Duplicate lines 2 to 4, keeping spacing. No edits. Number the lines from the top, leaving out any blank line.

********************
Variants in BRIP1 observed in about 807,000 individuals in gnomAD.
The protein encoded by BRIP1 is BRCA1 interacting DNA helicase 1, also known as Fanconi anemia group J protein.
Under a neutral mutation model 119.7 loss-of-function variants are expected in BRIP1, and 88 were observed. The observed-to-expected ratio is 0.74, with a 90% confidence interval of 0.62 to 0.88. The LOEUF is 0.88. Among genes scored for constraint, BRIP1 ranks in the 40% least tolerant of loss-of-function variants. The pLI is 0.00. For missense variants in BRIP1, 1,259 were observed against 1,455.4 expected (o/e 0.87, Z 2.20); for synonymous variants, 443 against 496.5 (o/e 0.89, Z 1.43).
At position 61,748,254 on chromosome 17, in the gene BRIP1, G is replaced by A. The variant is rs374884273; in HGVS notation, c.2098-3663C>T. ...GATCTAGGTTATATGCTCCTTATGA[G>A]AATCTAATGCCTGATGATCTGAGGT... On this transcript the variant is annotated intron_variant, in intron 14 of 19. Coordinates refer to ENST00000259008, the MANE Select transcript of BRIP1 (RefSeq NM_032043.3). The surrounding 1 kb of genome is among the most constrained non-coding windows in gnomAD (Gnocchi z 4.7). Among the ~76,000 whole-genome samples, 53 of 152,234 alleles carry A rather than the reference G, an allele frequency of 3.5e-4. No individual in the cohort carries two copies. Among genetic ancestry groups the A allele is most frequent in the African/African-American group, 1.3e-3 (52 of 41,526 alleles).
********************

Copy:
The protein encoded by BRIP1 is BRCA1 interacting DNA helicase 1, also known as Fanconi anemia group J protein.
Under a neutral mutation model 119.7 loss-of-function variants are expected in BRIP1, and 88 were observed. The observed-to-expected ratio is 0.74, with a 90% confidence interval of 0.62 to 0.88. The LOEUF is 0.88. Among genes scored for constraint, BRIP1 ranks in the 40% least tolerant of loss-of-function variants. The pLI is 0.00. For missense variants in BRIP1, 1,259 were observed against 1,455.4 expected (o/e 0.87, Z 2.20); for synonymous variants, 443 against 496.5 (o/e 0.89, Z 1.43).
At position 61,748,254 on chromosome 17, in the gene BRIP1, G is replaced by A. The variant is rs374884273; in HGVS notation, c.2098-3663C>T. ...GATCTAGGTTATATGCTCCTTATGA[G>A]AATCTAATGCCTGATGATCTGAGGT... On this transcript the variant is annotated intron_variant, in intron 14 of 19. Coordinates refer to ENST00000259008, the MANE Select transcript of BRIP1 (RefSeq NM_032043.3). The surrounding 1 kb of genome is among the most constrained non-coding windows in gnomAD (Gnocchi z 4.7). Among the ~76,000 whole-genome samples, 53 of 152,234 alleles carry A rather than the reference G, an allele frequency of 3.5e-4. No individual in the cohort carries two copies. Among genetic ancestry groups the A allele is most frequent in the African/African-American group, 1.3e-3 (52 of 41,526 alleles).